Alex Wheatle elegantly tells a unique and complex story, and we continue to urge you to watch this remarkable series of films in its entirety.

With José Arroyo of First Impressions and Michael Glass of Writing About Film.

267 – Small Axe: Red, White and Blue

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Another Steve McQueen rendition of a true story, Red, White and Blue examines institutional racism in the Metropolitan Police, as did Mangrove – but from the inside. Leroy Logan, a research scientist, applies to the police with the express intention of combating its attitude and behaviour towards black people, in part because of his father’s own abuse at their hands.

The theme of black British identity runs throughout Small Axe, and here it’s intriguingly augmented by imagery of the Queen; we discuss how it can be interpreted, including as a symbol of the common nationality the Windrush generation ostensibly shares with British-born white people, and a painful reminder of the fact that that shared identity is not truly embodied, and also as an icon of the establishment Leroy hopes to disrupt and improve. We also concentrate on Leroy’s relationship with his father, which frames the entire film, and how their attitudes, experiences and understanding of each other intersect.

With José Arroyo of First Impressions and Michael Glass of Writing About Film.

264 – Small Axe: Lovers Rock

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Small Axe continues with Lovers Rock, a stunning musical set in a house party in the 1980s. Hit follows hit on the soundtrack, and José in particular is blown away by how Steve McQueen’s camera observes its euphoric subjects, concentrating on specific body parts, taking as much time as it likes to explore the mood, the resulting experience as sensuous as any we can recall. We discuss the cross-national identity the partygoers occupy, the Christian symbolism conspicuously on display, the open-ended narrative structure, and more, but always returning to the bold and brilliant dancefloor sequences. A masterpiece.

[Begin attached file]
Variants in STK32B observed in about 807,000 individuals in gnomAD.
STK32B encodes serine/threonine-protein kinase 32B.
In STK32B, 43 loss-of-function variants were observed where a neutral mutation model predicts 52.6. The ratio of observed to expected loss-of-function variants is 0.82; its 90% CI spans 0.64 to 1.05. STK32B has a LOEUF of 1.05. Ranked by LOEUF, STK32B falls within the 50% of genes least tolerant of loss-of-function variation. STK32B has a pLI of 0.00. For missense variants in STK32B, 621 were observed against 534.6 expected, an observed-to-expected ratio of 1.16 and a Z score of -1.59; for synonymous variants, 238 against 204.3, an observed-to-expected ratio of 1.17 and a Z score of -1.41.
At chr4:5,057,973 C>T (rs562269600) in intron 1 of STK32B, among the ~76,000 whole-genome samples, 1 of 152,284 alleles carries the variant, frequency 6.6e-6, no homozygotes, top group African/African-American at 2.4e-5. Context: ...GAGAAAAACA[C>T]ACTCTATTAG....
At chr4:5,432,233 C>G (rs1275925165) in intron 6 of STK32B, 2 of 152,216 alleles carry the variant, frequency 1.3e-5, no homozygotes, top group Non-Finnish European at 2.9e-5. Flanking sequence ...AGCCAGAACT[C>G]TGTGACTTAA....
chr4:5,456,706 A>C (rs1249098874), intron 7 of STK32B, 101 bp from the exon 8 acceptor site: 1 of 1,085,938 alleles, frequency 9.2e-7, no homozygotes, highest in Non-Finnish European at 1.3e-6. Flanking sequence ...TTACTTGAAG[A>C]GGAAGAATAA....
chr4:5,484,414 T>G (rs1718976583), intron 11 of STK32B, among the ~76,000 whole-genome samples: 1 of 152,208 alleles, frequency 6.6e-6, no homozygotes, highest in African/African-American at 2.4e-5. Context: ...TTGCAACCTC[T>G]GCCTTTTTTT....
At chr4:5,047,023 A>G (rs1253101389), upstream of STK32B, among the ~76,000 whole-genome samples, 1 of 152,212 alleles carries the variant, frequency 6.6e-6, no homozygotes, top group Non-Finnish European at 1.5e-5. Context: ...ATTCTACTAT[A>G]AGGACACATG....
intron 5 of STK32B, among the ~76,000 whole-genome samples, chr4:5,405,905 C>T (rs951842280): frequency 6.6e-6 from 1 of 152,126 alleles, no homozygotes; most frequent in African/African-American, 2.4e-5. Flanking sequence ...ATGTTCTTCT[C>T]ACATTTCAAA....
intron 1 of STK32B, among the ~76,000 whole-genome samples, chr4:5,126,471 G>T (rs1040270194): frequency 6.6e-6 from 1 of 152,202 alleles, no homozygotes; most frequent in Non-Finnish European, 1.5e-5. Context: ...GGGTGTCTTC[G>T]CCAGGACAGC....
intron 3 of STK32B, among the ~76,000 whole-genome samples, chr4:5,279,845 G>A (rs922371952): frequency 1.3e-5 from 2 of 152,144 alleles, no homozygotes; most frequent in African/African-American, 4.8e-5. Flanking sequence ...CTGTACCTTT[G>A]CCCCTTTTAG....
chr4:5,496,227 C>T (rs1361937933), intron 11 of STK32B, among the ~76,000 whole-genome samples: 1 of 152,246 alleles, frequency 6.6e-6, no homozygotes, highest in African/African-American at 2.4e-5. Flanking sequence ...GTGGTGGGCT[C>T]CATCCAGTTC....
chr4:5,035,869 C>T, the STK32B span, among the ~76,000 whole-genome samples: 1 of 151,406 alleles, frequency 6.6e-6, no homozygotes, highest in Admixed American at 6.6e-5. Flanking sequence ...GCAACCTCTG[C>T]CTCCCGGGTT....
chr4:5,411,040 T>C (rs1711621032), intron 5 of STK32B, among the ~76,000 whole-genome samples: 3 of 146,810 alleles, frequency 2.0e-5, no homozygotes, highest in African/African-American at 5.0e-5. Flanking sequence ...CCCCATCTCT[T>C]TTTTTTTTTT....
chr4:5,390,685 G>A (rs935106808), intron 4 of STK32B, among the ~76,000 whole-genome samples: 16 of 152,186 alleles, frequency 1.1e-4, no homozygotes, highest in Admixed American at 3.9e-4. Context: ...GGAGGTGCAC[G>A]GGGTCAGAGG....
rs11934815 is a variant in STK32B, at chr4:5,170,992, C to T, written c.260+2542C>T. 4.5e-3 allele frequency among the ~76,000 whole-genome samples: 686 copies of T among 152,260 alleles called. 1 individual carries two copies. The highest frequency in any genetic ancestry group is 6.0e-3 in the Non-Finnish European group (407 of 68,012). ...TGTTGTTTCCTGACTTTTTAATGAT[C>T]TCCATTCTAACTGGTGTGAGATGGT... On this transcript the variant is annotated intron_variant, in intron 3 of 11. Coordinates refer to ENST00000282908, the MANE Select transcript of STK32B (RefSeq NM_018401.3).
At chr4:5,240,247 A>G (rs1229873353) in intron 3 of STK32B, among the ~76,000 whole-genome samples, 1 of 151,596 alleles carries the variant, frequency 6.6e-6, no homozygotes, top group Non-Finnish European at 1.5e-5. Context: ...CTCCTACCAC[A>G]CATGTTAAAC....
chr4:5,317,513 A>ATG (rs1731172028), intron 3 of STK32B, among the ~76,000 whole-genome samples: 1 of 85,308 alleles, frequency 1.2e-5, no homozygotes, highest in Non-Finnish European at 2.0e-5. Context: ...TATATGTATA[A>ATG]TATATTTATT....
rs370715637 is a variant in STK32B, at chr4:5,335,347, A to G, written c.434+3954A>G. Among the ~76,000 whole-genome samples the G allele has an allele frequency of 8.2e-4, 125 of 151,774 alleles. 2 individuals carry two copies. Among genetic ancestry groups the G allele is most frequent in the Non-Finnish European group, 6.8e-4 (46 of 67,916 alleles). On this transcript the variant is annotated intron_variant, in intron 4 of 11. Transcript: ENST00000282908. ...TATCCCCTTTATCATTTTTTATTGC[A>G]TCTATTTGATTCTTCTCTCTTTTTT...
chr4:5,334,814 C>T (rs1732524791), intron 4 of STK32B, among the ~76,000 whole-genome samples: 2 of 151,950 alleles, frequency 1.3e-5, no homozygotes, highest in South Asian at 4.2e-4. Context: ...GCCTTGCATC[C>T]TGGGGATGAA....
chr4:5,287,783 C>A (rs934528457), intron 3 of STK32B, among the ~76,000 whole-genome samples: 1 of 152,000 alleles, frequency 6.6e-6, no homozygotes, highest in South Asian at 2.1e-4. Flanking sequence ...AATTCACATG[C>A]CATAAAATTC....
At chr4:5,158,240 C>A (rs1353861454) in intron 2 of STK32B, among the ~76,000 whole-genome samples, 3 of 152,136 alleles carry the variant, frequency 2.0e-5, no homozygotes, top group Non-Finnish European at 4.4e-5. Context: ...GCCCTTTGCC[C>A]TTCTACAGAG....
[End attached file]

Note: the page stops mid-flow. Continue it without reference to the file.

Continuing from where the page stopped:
With José Arroyo of First Impressions and Michael Glass of Writing About Film.

263 – Small Axe: Mangrove

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Small Axe, Steve McQueen’s remarkable anthology of five films made for the BBC, begins with Mangrove, a dramatisation of the 1971 trial of the Mangrove Nine, a key event in British history in which the institutional racism of the Metropolitan Police was successfully litigated by members of the black community in Notting Hill. While it is undoubtedly key, it’s an event with which neither Mike nor José is familiar, and the film embodies the BBC’s iconic mission statement of “inform, educate, entertain”, doing all three wonderfully.

We discuss the way in which Mangrove both fits into and demonstrates an evolution of McQueen’s filmmaking – it’s as powerful and subtly impassioned as any of his previous work, but, perhaps owing to the medium for which it is made, unusually accessible, less keen to make the audience seek its depths for itself. The long-term implications of the trial in raising the nation’s consciousness about institutional racism are clear to the characters, and they’re not shy about discussing them, indulging in justified and welcome exposition. Mike discusses the differences between the characters, particularly Frank Crichlow, the owner of the titular restaurant, and Darcus Howe, an intellectual who is introduced to us as such, how they play off each other, and particularly the way in which Howe persuades Crichlow of his central place in the West Indian immigrant community and their fight to address the racism they face from the police. And José picks up on McQueen’s style and visual expressiveness, confidently holding some shots for a long time, and carefully composing others with considerations of framing and colour to create striking imagery.

Mangrove is the first of an extraordinary series of films about black British history and the experience of West Indian immigrants and their children in the 1970s and 80s, and our podcasts on the others will follow. They’re on iPlayer and unmissable.

With José Arroyo of First Impressions and Michael Glass of Writing About Film.